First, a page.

The Lord went to the banquet of sinners that he might have an opportunity to teach and to offer spiritual food to his hosts. In effect, when he is mentioned as frequently going out to attend feasts, nothing is said other than what he did there and taught there. Thus, we see both the Lord’s humility in reaching out to sinners and the force of his teaching in converting penitents. What follows: “I desire mercy, and not sacrifice” and “I came not to call the righteous but sinners” (as he cites testimony from the prophet) challenged the scribes and Pharisees, who considered themselves righteous and shunned both publicans and sinners. .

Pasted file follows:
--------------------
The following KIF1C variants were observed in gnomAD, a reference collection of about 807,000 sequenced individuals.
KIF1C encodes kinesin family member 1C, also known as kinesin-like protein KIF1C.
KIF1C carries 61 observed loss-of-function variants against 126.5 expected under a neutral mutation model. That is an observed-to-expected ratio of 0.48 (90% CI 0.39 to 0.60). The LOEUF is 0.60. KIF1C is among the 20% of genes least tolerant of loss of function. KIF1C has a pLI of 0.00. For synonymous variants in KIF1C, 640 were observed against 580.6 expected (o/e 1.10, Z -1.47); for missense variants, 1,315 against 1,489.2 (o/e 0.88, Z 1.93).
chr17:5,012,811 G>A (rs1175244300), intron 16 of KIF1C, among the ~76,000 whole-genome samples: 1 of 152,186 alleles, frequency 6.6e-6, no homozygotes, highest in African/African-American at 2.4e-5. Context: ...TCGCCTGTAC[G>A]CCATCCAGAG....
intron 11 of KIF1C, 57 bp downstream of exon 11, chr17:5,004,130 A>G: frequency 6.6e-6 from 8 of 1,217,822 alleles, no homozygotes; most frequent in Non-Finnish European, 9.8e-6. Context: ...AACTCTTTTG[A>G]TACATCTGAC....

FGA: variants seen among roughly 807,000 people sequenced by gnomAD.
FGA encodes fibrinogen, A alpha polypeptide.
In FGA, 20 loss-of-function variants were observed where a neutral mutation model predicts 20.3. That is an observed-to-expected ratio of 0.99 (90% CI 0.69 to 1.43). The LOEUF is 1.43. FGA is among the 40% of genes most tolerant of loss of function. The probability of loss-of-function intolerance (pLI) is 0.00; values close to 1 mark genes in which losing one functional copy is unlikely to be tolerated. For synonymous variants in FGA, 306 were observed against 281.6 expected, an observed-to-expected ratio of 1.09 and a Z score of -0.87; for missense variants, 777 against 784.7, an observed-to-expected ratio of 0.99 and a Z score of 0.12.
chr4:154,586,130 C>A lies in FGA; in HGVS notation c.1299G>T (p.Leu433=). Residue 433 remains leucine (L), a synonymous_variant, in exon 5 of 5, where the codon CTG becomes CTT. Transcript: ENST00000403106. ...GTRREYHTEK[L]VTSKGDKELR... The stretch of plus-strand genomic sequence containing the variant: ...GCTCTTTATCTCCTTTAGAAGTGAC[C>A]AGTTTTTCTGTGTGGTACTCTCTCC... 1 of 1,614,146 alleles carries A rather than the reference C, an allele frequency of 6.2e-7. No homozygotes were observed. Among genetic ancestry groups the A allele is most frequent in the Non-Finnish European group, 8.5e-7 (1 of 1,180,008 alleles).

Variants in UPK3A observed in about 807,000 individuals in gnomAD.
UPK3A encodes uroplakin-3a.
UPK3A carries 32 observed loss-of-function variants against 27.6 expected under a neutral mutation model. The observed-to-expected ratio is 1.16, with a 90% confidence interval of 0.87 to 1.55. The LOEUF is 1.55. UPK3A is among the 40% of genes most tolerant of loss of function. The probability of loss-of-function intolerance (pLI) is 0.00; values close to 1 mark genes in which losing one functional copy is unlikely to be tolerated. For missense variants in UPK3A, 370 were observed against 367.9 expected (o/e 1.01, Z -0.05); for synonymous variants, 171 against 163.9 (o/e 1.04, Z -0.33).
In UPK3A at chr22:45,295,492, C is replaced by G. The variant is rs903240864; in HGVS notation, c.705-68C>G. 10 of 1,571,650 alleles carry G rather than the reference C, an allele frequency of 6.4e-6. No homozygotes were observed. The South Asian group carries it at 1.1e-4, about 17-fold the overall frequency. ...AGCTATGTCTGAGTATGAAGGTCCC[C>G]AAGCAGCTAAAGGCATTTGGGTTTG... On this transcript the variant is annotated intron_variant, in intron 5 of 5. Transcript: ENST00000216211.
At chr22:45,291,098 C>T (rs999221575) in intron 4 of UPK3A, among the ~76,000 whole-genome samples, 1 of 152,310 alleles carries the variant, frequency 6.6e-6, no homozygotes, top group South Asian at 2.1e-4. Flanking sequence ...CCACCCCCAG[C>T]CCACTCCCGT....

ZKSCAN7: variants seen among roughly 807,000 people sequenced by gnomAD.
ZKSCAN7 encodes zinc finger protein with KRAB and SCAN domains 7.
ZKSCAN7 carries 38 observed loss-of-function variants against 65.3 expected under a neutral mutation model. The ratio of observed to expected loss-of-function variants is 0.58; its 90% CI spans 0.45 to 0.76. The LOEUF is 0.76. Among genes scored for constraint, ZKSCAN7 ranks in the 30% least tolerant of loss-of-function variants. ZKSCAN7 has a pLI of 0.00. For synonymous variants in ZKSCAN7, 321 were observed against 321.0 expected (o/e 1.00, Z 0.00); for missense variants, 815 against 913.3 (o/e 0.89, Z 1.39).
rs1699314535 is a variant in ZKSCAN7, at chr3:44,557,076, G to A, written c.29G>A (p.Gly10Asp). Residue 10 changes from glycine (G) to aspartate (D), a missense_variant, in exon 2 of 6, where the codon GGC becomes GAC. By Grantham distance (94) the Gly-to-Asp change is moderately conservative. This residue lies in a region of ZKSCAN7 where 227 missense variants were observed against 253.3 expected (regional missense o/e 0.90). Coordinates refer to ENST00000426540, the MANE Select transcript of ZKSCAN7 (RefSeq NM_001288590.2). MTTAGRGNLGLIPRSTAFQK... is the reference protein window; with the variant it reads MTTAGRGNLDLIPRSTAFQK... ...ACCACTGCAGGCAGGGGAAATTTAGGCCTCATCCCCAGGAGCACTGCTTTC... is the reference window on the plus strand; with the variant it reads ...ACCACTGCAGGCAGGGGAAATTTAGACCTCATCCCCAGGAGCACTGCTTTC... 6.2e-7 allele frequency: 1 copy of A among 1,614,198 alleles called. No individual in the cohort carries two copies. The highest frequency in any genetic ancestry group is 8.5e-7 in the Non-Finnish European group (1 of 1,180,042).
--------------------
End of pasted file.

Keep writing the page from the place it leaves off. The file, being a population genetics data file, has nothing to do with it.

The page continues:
See how He turned their reasoning to the opposite conclusion. That is, while they made it a charge against Him that He was in company with these men: He on the contrary says, that His not being with them would be unworthy of Him, and of His love of man; and that to amend such persons is not only blameless, but excellent, and necessary, and deserving of all sorts of praise.